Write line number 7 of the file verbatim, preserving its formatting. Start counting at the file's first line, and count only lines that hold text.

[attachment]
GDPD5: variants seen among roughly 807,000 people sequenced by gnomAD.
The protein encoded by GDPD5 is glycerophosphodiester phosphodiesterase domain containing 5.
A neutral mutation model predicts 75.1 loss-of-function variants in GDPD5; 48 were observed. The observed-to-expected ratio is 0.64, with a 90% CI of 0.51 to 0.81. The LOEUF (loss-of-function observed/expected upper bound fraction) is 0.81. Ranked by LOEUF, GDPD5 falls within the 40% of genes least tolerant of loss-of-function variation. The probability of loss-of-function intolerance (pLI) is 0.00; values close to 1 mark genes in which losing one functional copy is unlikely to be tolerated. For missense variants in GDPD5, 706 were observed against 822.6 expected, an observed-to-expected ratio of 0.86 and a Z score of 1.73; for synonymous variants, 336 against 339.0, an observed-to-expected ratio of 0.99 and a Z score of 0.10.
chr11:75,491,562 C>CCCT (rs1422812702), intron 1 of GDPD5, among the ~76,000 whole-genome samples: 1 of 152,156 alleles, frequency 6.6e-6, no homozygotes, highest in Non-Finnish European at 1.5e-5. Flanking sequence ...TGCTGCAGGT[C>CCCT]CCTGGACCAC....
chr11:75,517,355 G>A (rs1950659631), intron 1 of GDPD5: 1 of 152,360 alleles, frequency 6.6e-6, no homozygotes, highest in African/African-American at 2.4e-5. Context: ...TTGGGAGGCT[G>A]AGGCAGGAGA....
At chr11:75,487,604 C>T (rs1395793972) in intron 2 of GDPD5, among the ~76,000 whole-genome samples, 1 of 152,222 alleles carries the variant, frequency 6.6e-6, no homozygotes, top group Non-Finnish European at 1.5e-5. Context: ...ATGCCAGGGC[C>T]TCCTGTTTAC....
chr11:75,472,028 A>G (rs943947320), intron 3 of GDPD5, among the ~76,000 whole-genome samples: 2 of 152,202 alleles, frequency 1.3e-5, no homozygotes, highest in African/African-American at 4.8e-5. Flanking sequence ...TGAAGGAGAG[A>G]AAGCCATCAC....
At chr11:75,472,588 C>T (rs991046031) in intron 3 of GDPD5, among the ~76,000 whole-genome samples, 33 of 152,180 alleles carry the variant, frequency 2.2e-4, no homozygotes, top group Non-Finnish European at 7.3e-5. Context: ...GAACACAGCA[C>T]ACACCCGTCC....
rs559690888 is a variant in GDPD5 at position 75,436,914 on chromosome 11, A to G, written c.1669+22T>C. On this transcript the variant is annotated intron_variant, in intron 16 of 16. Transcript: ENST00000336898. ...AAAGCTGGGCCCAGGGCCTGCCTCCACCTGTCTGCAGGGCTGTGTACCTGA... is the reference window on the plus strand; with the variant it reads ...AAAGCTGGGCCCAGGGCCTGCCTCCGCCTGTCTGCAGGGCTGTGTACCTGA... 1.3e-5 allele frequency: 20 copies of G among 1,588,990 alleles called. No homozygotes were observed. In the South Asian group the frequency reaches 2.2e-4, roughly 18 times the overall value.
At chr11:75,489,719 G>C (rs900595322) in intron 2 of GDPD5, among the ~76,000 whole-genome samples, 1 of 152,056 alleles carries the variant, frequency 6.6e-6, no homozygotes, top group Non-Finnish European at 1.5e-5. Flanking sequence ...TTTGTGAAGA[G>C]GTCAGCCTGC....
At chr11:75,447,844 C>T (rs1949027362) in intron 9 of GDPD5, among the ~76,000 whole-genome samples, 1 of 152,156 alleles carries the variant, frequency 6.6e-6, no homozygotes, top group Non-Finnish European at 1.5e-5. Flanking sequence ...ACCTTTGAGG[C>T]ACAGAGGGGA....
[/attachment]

chr11:75,472,028 A>G (rs943947320), intron 3 of GDPD5, among the ~76,000 whole-genome samples: 2 of 152,202 alleles, frequency 1.3e-5, no homozygotes, highest in African/African-American at 4.8e-5. Flanking sequence ...TGAAGGAGAG[A>G]AAGCCATCAC....